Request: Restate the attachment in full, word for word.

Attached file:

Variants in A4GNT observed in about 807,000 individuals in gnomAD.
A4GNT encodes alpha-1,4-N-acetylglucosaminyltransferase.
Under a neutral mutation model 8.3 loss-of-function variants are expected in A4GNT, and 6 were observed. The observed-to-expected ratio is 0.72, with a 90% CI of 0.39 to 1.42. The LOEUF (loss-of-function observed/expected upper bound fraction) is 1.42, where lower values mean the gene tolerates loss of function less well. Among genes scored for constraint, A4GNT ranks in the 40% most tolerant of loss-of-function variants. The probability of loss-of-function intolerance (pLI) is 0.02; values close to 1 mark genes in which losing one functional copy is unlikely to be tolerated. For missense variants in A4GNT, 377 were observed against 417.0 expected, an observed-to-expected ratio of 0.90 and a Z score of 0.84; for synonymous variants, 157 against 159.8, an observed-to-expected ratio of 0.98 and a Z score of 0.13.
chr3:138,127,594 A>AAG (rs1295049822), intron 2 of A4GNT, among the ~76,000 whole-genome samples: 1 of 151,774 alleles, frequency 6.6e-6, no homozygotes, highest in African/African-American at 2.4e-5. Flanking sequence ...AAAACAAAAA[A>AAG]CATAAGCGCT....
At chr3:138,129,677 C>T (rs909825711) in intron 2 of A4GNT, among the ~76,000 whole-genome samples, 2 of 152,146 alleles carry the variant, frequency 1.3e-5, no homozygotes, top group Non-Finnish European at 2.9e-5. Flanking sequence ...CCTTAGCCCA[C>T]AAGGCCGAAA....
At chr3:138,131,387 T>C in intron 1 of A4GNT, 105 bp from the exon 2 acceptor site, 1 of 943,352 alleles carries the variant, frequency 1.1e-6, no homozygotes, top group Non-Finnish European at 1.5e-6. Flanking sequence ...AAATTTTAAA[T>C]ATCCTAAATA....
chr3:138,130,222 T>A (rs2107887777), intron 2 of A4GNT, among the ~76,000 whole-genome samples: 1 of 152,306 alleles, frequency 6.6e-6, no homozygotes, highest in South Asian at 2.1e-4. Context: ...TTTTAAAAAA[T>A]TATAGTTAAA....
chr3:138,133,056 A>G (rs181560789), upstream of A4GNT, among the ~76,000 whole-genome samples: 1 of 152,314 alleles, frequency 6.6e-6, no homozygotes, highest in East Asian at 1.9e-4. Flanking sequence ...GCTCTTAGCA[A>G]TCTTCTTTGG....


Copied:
Variants in A4GNT observed in about 807,000 individuals in gnomAD.
A4GNT encodes alpha-1,4-N-acetylglucosaminyltransferase.
Under a neutral mutation model 8.3 loss-of-function variants are expected in A4GNT, and 6 were observed. The observed-to-expected ratio is 0.72, with a 90% CI of 0.39 to 1.42. The LOEUF (loss-of-function observed/expected upper bound fraction) is 1.42, where lower values mean the gene tolerates loss of function less well. Among genes scored for constraint, A4GNT ranks in the 40% most tolerant of loss-of-function variants. The probability of loss-of-function intolerance (pLI) is 0.02; values close to 1 mark genes in which losing one functional copy is unlikely to be tolerated. For missense variants in A4GNT, 377 were observed against 417.0 expected, an observed-to-expected ratio of 0.90 and a Z score of 0.84; for synonymous variants, 157 against 159.8, an observed-to-expected ratio of 0.98 and a Z score of 0.13.
chr3:138,127,594 A>AAG (rs1295049822), intron 2 of A4GNT, among the ~76,000 whole-genome samples: 1 of 151,774 alleles, frequency 6.6e-6, no homozygotes, highest in African/African-American at 2.4e-5. Flanking sequence ...AAAACAAAAA[A>AAG]CATAAGCGCT....
At chr3:138,129,677 C>T (rs909825711) in intron 2 of A4GNT, among the ~76,000 whole-genome samples, 2 of 152,146 alleles carry the variant, frequency 1.3e-5, no homozygotes, top group Non-Finnish European at 2.9e-5. Flanking sequence ...CCTTAGCCCA[C>T]AAGGCCGAAA....
At chr3:138,131,387 T>C in intron 1 of A4GNT, 105 bp from the exon 2 acceptor site, 1 of 943,352 alleles carries the variant, frequency 1.1e-6, no homozygotes, top group Non-Finnish European at 1.5e-6. Flanking sequence ...AAATTTTAAA[T>C]ATCCTAAATA....
chr3:138,130,222 T>A (rs2107887777), intron 2 of A4GNT, among the ~76,000 whole-genome samples: 1 of 152,306 alleles, frequency 6.6e-6, no homozygotes, highest in South Asian at 2.1e-4. Context: ...TTTTAAAAAA[T>A]TATAGTTAAA....
chr3:138,133,056 A>G (rs181560789), upstream of A4GNT, among the ~76,000 whole-genome samples: 1 of 152,314 alleles, frequency 6.6e-6, no homozygotes, highest in East Asian at 1.9e-4. Flanking sequence ...GCTCTTAGCA[A>G]TCTTCTTTGG....